How are our big cities doing when it comes to educating their students? It’s easy to look at overall test scores, but that doesn’t tell you much. In general, whites score better than Hispanics and Hispanics score better than blacks on the “gold standard” NAEP test. This means that some cities will do better or worse than others depending on how many kids of different racial groups they have, and nearly all cities will do worse than the national average, which is whiter than most large urban areas.
What to do? Matt Yglesias points us to a study from Kristin Blagg of the Urban Institute, who controlled for a whole bunch of factors1 and then produced “adjusted” scores for 23 different cities. (Spoiler alert: Boston is best, Detroit is worst.) That’s useful, but there’s an easier way to look at this—cruder, admittedly, but still useful: just look at the scores for a single ethnic group and see how they do in different cities. Here, for example, are the scores in 8th grade reading for black kids in our four biggest cities plus Washington DC:
By 2015, all four of the biggest cities were doing about equally well, and they were all right around the national average. This suggests that the underlying quality of schooling is roughly average in all four. Washington DC, however, is an outlier. Black kids perform a full ten points worse than black kids in other cities. By the usual rule of thumb, that’s a full grade level.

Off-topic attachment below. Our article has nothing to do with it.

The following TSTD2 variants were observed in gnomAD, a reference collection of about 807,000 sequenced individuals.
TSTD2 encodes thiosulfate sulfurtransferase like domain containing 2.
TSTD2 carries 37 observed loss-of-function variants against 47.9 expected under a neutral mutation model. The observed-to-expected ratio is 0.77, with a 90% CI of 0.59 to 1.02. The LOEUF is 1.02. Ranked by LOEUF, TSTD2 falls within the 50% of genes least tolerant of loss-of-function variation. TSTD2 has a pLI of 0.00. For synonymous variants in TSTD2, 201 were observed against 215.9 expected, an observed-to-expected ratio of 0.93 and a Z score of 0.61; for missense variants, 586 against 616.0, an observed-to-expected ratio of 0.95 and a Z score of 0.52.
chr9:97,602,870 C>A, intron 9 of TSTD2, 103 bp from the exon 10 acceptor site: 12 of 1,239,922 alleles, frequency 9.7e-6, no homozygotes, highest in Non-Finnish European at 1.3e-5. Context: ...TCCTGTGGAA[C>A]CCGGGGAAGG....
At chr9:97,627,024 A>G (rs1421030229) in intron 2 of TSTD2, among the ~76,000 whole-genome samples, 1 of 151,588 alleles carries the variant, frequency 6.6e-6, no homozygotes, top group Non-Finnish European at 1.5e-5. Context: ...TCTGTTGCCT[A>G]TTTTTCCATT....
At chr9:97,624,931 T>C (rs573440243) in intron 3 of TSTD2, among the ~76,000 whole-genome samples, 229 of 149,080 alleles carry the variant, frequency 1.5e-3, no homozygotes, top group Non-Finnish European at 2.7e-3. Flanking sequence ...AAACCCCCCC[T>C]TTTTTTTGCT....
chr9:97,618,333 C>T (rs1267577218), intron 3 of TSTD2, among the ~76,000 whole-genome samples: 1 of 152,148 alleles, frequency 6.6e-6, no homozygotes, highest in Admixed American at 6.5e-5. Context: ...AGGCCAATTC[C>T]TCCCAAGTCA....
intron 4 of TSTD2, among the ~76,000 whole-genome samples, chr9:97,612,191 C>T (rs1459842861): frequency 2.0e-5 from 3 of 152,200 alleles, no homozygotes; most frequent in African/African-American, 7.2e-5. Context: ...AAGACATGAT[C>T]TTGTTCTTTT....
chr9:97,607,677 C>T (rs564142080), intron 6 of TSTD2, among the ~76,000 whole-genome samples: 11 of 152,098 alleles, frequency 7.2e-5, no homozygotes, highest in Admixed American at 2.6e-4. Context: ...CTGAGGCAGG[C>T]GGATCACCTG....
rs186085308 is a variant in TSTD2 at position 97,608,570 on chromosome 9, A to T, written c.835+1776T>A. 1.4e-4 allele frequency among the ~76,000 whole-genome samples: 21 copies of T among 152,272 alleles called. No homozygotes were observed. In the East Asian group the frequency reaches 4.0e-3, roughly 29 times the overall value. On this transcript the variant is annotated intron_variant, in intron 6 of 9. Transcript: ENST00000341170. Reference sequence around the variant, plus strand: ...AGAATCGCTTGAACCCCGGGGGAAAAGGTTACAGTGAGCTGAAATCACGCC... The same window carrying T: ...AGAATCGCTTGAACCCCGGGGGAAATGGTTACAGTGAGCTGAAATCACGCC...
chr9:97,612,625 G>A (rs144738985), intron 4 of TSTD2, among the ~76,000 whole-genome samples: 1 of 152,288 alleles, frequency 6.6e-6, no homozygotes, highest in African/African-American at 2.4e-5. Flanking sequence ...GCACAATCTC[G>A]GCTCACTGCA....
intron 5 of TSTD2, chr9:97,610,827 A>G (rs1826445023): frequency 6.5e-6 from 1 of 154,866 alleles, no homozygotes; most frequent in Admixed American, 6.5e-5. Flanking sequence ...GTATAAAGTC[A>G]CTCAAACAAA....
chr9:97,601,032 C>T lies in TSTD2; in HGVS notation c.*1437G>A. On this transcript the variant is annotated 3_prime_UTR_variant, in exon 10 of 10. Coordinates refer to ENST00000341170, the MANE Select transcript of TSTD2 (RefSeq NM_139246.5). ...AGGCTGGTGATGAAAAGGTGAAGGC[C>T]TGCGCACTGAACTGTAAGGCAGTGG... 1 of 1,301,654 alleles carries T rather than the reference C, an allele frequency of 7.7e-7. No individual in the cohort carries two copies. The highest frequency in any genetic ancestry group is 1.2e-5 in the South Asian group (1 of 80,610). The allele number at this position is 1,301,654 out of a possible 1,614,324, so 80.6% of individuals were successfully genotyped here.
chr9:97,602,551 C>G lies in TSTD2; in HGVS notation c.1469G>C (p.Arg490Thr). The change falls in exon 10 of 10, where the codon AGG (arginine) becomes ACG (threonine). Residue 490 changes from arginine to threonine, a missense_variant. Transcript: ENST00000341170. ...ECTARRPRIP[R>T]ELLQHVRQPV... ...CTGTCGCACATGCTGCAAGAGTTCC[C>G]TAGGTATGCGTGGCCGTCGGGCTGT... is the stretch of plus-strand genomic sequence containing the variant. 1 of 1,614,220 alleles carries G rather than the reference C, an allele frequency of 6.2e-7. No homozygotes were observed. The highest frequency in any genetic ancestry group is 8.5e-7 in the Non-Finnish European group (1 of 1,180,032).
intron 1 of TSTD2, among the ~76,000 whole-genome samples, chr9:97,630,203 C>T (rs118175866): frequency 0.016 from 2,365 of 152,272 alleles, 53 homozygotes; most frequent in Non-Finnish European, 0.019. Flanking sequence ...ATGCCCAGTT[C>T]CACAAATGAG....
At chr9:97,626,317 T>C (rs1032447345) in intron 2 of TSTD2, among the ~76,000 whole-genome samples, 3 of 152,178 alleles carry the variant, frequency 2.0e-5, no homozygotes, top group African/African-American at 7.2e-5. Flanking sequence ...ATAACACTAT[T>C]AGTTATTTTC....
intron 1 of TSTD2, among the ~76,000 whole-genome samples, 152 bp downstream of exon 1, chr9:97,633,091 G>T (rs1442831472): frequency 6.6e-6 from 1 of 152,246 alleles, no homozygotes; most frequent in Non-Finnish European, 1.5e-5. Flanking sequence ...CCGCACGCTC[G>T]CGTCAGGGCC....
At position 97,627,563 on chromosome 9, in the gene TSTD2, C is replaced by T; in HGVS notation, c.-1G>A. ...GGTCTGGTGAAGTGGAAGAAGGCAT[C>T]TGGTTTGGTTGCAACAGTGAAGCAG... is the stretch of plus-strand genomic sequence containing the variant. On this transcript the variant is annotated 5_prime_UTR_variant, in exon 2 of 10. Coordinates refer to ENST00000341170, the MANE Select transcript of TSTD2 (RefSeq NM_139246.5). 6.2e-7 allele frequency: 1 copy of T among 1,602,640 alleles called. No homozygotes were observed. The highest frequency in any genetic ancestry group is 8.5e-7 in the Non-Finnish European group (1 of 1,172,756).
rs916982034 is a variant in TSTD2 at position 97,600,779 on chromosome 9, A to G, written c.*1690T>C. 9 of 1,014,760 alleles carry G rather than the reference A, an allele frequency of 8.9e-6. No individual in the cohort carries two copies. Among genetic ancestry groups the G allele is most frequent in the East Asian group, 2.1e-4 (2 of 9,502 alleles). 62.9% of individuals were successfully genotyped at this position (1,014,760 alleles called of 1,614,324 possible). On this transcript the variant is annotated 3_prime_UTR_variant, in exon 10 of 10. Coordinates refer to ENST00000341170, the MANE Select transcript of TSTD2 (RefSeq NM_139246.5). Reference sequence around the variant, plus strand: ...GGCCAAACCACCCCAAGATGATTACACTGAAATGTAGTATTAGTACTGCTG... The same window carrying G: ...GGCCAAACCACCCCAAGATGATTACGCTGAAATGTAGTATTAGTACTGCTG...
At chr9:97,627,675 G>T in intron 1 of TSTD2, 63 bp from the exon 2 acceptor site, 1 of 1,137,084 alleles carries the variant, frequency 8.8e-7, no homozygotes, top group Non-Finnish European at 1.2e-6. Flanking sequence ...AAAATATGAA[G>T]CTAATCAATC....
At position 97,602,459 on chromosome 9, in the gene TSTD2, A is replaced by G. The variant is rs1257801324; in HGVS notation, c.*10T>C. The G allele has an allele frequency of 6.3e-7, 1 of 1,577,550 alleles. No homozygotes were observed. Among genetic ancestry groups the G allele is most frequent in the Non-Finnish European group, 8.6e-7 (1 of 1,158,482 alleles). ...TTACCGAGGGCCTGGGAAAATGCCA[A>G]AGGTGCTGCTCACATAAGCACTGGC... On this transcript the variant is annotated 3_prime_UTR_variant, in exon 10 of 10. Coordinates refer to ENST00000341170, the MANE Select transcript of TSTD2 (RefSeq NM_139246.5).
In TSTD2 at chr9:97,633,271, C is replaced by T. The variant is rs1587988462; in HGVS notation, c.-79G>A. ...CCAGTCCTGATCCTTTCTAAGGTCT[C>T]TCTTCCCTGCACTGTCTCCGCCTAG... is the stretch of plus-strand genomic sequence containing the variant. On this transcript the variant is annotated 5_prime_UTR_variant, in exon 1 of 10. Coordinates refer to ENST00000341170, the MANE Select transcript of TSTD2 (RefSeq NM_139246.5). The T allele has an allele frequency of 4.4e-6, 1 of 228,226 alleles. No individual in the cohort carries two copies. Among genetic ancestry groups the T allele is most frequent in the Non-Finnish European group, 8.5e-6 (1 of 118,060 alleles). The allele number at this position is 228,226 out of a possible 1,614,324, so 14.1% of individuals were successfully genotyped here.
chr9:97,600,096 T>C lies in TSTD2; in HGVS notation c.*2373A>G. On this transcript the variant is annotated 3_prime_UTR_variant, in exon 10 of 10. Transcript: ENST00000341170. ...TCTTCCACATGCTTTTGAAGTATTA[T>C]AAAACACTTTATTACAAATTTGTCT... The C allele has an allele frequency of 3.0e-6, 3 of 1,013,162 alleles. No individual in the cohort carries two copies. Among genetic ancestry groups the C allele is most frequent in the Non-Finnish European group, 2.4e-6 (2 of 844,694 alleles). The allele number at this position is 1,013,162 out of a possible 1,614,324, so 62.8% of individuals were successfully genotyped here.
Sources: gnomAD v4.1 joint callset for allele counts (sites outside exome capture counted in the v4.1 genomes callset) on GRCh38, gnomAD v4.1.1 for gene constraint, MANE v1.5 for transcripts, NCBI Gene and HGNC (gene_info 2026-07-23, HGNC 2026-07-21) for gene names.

But how about improvement? Here’s how scores have increased since 2003:
This time, the big outlier is Los Angeles, which has improved by about 6 percentage points. The others have all improved by about 1 percentage point—except for Washington DC again. Basically, the DC school district looks like a disaster. Its absolute quality is low and its rate of improvement is abysmal.
I picked this example more or less at random. You could look at math scores instead, or a combination of both math and reading. You could look at 4th grade scores. You could look at Hispanics or whites. I chose reading because I think it’s a better indicator of learning; 8th grade because later grades are more important than earlier grades; and blacks because there are big issues with well-off white kids self-selecting into private schools at different rates in different cities. If you want to look at things differently, the raw data is easily accessible, and it only takes a few minutes to turn it into a colorful chart.
Bottom line: If you live in New York, Los Angeles, Chicago, or Houston, your school district is probably OK. Not great, necessarily, and obviously there can be big differences from school to school. But contrary to conventional wisdom, it’s probably OK. Go ahead and send your kids to public school.
As for Washington DC, I don’t know what the deal is. But if you have the wherewithal, avoiding the public school system might be a good idea.
1Blagg controls for gender, race and ethnicity, eligibility for free and reduced-price lunch, limited English proficiency, special education status, age, whether the student was given a testing accommodation, the amount of English spoken at the student’s home, and the student’s family structure (e.g., two-parent, single-parent, and foster). This is obviously far more sophisticated than merely looking at a single ethnic group, as I’m doing. On the other hand, I confess to a vague unease with studies that try to control for so many variables, especially when a lot of them are collinear. But that’s just me.
On the other hand, income—and, in particular, concentrated poverty—are pretty important. Just looking at a single ethnic group doesn’t control for that. On the other hand, eligibility for the school lunch program is the only income proxy available, and as a measure of poverty it’s pretty lousy and getting lousier over time. We just don’t have a very good way of comparing levels of poverty between school districts.